MuLangerin-DTR mice were i.p. injected with 1 µg of diphtheria toxin (List Biological Laboratories Inc., Campbell, CA) 2 days before infection, as previously described(Bobr et al., 2010; Kissenpfennig et al., 2005).
Fluorochrome-conjugated antibodies to CD4, CD8, CD11b, CD11c, CD90.1, CD103, MHC class II, IFN-γ, and IL-17A were purchased from Biolegend (San Diego, CA). Anti-mouse Langerin (L31), IL-17F and IL-22 were acquired from eBioscience (San Diego, CA).
Skin-draining lymph nodes and mesenteric lymph node of OT-II and TEα mice were disrupted through a cell strainer and washed with sterile HBSS. Naive (CD44low) OT-I T cells were purified from lymph nodes of OT-I.PL mice as described(Bursch et al., 2009). Cell purity (>95%) was determined by flow cytometry before adoptive transfer. The cells were labeled with CFSE (Invitrogen, Carlsbad, CA) according to the manufacturer’s directions, and resuspended in sterile PBS at a concentration of 1 × 106 cell/ml. Three hundred µl (3 × 105 cells) was injected intravenously. Transferred cells were detected in recipient mice based on expression of congenic CD90.1.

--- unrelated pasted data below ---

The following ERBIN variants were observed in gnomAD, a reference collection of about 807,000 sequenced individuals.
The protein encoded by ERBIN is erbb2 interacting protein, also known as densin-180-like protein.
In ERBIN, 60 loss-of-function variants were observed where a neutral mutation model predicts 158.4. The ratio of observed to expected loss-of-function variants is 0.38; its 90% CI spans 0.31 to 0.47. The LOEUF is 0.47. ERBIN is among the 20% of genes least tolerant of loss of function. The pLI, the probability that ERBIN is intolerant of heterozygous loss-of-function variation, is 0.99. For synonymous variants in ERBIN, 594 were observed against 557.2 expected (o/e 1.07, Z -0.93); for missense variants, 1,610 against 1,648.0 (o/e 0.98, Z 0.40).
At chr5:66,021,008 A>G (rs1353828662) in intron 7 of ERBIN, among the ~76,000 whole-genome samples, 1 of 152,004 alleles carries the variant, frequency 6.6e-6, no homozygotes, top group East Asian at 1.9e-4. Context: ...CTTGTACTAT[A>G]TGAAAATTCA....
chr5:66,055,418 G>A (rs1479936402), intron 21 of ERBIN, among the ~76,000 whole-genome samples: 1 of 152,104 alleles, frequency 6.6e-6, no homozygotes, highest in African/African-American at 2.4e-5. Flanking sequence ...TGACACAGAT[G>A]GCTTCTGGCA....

Single-cell lymph node suspensions were obtained and stained as previously described(Kaplan et al., 2005). To evaluate cytokine expression, cells were incubated for 5 hours in complete RPMI 1640 supplemented with PMA (50 ng/ml) and ionomycin (1.5 µM; Sigma-Aldrich, St. Louis, MO), with GolgiStop (BD Pharmingen, San Jose, CA) added for the final 4 hours. The intracellular cytokine staining was performed using BD Bioscience Cytofix/Cytoperm kit (BD Biosciences, San Jose, CA) according to the manufacturer’s directions. Samples were analyzed on LSR-II flow cytometers (BD Biosciences). Detection of 2W1S specific CD4 T cells was performed as published using I-Ab-2W1S tetramer (a kind gift of Dr. Marc Jenkins)(Moon et al., 2007). Data were analyzed with FlowJo software (TreeStar, Ashland, OR) . Isolation of DC subsets by flow cytometric cell sorting and analysis of mRNA expression is described in supplemental methods.